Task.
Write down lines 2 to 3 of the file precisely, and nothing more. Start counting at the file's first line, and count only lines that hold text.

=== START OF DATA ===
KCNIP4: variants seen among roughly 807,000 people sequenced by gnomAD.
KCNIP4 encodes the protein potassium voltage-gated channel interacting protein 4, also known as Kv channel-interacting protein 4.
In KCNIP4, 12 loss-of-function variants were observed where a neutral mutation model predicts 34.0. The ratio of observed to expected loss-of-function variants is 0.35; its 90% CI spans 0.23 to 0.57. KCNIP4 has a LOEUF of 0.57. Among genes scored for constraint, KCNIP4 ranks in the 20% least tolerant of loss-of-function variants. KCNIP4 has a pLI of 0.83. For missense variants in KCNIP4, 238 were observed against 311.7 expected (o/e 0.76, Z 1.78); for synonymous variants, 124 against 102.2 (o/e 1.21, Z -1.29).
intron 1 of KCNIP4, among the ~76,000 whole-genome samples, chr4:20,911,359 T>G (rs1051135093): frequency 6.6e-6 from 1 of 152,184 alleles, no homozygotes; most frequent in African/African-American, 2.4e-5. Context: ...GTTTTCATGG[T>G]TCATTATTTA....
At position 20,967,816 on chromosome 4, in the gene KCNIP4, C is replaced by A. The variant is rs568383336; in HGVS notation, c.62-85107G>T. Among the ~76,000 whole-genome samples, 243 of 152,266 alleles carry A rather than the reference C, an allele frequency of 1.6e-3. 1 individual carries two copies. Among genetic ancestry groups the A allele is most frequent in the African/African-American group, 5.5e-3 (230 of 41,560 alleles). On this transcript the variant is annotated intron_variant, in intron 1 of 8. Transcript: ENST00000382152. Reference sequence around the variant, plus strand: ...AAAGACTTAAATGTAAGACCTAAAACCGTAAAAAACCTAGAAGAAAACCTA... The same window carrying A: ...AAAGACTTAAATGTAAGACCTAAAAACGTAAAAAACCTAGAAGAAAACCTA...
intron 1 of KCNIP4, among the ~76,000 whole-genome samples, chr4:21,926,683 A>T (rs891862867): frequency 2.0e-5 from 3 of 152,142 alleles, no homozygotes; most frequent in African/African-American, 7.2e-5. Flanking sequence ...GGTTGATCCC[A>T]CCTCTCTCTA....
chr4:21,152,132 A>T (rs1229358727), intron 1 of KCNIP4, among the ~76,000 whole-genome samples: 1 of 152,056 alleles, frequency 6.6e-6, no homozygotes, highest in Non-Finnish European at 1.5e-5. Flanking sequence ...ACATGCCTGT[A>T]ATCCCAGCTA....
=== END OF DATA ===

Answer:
KCNIP4 encodes the protein potassium voltage-gated channel interacting protein 4, also known as Kv channel-interacting protein 4.
In KCNIP4, 12 loss-of-function variants were observed where a neutral mutation model predicts 34.0. The ratio of observed to expected loss-of-function variants is 0.35; its 90% CI spans 0.23 to 0.57. KCNIP4 has a LOEUF of 0.57. Among genes scored for constraint, KCNIP4 ranks in the 20% least tolerant of loss-of-function variants. KCNIP4 has a pLI of 0.83. For missense variants in KCNIP4, 238 were observed against 311.7 expected (o/e 0.76, Z 1.78); for synonymous variants, 124 against 102.2 (o/e 1.21, Z -1.29).